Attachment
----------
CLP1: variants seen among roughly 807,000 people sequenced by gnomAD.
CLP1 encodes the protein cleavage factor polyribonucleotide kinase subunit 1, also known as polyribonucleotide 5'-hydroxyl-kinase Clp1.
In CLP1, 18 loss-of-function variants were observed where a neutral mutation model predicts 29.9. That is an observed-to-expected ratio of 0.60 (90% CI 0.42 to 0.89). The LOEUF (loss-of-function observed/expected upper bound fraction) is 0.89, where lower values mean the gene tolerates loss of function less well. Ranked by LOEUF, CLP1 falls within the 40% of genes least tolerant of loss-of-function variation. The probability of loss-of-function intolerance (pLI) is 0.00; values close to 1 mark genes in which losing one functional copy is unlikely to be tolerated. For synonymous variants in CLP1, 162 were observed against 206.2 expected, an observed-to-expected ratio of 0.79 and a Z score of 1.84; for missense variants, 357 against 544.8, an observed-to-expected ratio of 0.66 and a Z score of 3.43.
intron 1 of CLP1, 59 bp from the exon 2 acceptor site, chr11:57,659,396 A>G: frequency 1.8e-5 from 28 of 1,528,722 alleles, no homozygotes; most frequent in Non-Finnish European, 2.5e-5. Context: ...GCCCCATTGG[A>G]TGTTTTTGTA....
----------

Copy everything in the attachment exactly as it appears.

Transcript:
CLP1: variants seen among roughly 807,000 people sequenced by gnomAD.
CLP1 encodes the protein cleavage factor polyribonucleotide kinase subunit 1, also known as polyribonucleotide 5'-hydroxyl-kinase Clp1.
In CLP1, 18 loss-of-function variants were observed where a neutral mutation model predicts 29.9. That is an observed-to-expected ratio of 0.60 (90% CI 0.42 to 0.89). The LOEUF (loss-of-function observed/expected upper bound fraction) is 0.89, where lower values mean the gene tolerates loss of function less well. Ranked by LOEUF, CLP1 falls within the 40% of genes least tolerant of loss-of-function variation. The probability of loss-of-function intolerance (pLI) is 0.00; values close to 1 mark genes in which losing one functional copy is unlikely to be tolerated. For synonymous variants in CLP1, 162 were observed against 206.2 expected, an observed-to-expected ratio of 0.79 and a Z score of 1.84; for missense variants, 357 against 544.8, an observed-to-expected ratio of 0.66 and a Z score of 3.43.
intron 1 of CLP1, 59 bp from the exon 2 acceptor site, chr11:57,659,396 A>G: frequency 1.8e-5 from 28 of 1,528,722 alleles, no homozygotes; most frequent in Non-Finnish European, 2.5e-5. Context: ...GCCCCATTGG[A>G]TGTTTTTGTA....